FIG. II illustrates an embodiment wherein additional chelate solution is supplied. All values are calculated or merely exemplary, and all flows, unless stated otherwise, are continuous.

As shown, sour gas, e.g., a natural gas stream containing about 0.5 percent H2 S, in line (1) flows into generally cylindrical column (2) wherein it is intimately contacted in zone (3) thereof with a spray of an aqueous mixture from line (4) which comprises aqueous 0.35M solution of ammonium ferric nitrilotriacetate chelate, which mixture also contains 0.15 moles per liter of ammonium ferrous nitrilotriacetate chelate and about 0.25 mole per liter of ammonium thiosulfate, pH of the solution being adjusted to 7.5 to 8 by the addition of ammonium hydroxide. The solution is produced by utilization of the reducing effect of the H2 S in the gaseous stream. That is, the initial solution employed in the contacting zone illustrated is a 0.35M aqueous solution of ferric nitrilotriacetate also containing about 1.0M ammonium ion. After startup, and reaction with H2 S in the gaseous stream, regeneration, described hereinafter, is controlled, so that regeneration of the ammonium ferric nitrolotriacetic acid complex is not complete, in the ratios mentioned.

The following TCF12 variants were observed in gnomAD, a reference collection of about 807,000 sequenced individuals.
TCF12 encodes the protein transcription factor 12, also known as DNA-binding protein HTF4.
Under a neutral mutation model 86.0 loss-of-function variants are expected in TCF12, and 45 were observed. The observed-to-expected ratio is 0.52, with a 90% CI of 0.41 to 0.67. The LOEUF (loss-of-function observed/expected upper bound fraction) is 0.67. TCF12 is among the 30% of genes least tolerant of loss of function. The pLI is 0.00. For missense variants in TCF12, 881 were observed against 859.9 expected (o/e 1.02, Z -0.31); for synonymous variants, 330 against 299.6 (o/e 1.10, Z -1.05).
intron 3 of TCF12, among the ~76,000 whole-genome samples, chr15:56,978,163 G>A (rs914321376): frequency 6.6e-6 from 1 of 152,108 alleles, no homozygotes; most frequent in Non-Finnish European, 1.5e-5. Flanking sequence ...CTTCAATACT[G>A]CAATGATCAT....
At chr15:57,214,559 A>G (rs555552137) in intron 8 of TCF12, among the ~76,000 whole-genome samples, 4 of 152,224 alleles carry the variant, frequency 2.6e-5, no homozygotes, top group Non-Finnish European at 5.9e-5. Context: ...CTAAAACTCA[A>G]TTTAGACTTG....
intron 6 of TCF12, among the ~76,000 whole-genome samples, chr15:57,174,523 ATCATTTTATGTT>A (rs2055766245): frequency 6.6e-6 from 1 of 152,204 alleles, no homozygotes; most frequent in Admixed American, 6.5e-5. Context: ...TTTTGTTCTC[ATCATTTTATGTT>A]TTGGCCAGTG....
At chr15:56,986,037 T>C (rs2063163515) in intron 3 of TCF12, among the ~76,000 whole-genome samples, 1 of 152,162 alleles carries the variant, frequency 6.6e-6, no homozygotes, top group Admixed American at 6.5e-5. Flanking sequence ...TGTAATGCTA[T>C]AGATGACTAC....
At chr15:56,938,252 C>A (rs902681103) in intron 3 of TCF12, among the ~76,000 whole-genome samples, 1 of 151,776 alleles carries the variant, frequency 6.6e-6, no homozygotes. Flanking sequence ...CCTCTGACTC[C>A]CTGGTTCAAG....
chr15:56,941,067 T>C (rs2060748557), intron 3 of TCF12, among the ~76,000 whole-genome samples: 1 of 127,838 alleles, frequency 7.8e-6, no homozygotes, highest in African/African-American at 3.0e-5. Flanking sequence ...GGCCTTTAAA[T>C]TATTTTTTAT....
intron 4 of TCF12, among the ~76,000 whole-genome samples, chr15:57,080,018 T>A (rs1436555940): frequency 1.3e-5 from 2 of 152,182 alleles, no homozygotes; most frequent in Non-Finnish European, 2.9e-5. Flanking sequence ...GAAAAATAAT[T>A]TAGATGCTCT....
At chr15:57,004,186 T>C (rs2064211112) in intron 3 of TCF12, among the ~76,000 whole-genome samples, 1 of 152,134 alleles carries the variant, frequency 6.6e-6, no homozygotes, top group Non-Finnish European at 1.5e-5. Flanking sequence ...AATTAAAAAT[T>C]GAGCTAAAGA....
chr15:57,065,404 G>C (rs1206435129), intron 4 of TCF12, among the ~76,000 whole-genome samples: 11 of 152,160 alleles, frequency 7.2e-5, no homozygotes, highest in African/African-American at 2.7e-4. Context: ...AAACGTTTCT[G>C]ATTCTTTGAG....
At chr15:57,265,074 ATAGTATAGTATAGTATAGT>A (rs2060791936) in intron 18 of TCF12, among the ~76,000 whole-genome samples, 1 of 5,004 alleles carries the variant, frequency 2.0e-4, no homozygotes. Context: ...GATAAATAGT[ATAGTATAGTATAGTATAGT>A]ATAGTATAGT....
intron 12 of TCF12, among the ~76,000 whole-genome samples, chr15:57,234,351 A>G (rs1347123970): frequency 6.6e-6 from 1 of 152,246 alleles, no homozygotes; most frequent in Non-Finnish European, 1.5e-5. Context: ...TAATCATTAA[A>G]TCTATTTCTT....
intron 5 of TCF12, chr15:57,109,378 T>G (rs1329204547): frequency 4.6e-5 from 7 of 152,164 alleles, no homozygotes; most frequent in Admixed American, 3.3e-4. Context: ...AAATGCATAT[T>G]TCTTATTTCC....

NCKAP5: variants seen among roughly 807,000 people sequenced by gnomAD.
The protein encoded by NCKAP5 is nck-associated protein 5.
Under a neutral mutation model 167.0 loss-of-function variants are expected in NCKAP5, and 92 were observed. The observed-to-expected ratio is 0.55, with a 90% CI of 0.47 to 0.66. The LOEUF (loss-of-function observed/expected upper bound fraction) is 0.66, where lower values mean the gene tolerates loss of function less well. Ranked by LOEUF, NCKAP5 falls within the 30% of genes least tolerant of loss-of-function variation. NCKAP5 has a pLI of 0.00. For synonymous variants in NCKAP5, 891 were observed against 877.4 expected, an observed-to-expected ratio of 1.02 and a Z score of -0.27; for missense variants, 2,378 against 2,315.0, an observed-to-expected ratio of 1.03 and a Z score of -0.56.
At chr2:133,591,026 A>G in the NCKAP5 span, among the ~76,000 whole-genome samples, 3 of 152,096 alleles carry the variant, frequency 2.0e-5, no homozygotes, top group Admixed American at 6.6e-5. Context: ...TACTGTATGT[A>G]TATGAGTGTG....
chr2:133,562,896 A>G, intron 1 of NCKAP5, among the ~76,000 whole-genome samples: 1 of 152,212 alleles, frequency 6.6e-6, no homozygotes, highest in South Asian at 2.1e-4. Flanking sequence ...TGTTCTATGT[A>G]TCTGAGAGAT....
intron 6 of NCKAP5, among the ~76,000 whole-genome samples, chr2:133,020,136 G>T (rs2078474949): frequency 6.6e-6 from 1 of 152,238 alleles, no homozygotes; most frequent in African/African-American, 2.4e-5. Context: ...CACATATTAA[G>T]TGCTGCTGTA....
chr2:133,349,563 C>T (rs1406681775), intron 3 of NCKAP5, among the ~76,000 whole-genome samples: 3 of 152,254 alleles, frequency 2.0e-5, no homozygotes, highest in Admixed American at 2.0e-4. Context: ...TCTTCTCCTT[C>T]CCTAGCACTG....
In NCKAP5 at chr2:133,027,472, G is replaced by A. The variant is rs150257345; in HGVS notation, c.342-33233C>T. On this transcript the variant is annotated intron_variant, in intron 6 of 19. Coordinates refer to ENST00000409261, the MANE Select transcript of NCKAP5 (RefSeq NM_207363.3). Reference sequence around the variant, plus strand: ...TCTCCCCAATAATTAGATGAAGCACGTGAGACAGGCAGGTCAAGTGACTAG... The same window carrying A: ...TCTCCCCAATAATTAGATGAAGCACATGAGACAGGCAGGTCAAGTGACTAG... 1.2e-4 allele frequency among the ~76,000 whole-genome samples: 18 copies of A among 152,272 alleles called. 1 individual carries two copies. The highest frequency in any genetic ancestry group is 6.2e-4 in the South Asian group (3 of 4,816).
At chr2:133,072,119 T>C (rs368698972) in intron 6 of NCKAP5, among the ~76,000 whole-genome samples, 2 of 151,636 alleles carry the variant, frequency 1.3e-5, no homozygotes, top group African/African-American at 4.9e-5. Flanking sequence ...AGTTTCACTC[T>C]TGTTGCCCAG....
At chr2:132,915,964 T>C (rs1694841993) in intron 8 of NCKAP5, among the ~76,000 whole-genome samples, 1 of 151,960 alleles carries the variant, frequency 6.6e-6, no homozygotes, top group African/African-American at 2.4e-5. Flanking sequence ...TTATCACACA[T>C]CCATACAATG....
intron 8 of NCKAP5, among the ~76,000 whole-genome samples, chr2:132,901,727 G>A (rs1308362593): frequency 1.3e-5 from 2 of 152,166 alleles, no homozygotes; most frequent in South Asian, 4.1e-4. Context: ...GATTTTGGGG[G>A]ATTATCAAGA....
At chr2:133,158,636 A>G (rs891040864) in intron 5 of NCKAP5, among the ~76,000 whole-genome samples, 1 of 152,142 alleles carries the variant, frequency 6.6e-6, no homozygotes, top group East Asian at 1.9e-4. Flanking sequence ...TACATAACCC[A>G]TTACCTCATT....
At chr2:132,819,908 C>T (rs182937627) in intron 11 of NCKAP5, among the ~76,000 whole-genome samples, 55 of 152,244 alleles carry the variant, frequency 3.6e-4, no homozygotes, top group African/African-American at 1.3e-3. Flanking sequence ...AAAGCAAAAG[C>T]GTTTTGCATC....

In zone (3), the gas stream containing H2 S and the aqueous reactant mixture are intimately mixed to form a gas-reactant liquid mixture, sulfur almost immediately forming, and the gas-reactant liquid mixture is passed downwardly in cocurrent relationship to the first section (5) of contacting zone (6). Although a spray device is illustrated, other suitable devices or techniques which provide intimate mixing or contacting of the gas and aqueous reactant mixture may be employed. For example, sparging units, cone sprayers, as well as venturis, may be utilized to produce a well mixed gas-solution or liquid mixture. In any event, contacting section (5) comprises a chevron type flow directing element which provides a plurality of discrete channels for the passage and direction of the gas-reactant liquid mixture at a 30° angle to the direction of flow to the side of the cylindrical column. In this illustration, the element used is a Koch SMV® mixing element. To insure that the surfaces of the channels are resistant to sulfur deposition, the mixing element (and all those described hereinafter for zone [6]) and the walls of zone (6) are electropolished before use. At least substantial plug flow overall through zone (6) is obtained. The superficial velocity of the gas is 20 ft/sec., and the liquid to gas volumetric flow ratio is 2:100. The width of the channels of the element is about 1 inch, and the diameter of the column is about 12 inches. The length of element (5) in the direction of flow is about 12 inches. As indicated, other types of elements may be employed. At the outlets of the channels of element (5), gas-reactant liquid mixture from the channels enters an open section (7) (also about 12 inches in length in the direction of flow) of contacting zone (6) where gas-liquid reactant mixture may mix radially and where redistribution of the solution and gas occurs. The open section also inhibits plugging, due to sulfur formation, which might occur if multiple chevron elements were placed end to end. The gas-reactant liquid mixture, with increasing solid sulfur content, passes through chevron element (8), which is identical to element (5). Element (8) may or may not be misoriented with respect to element (5).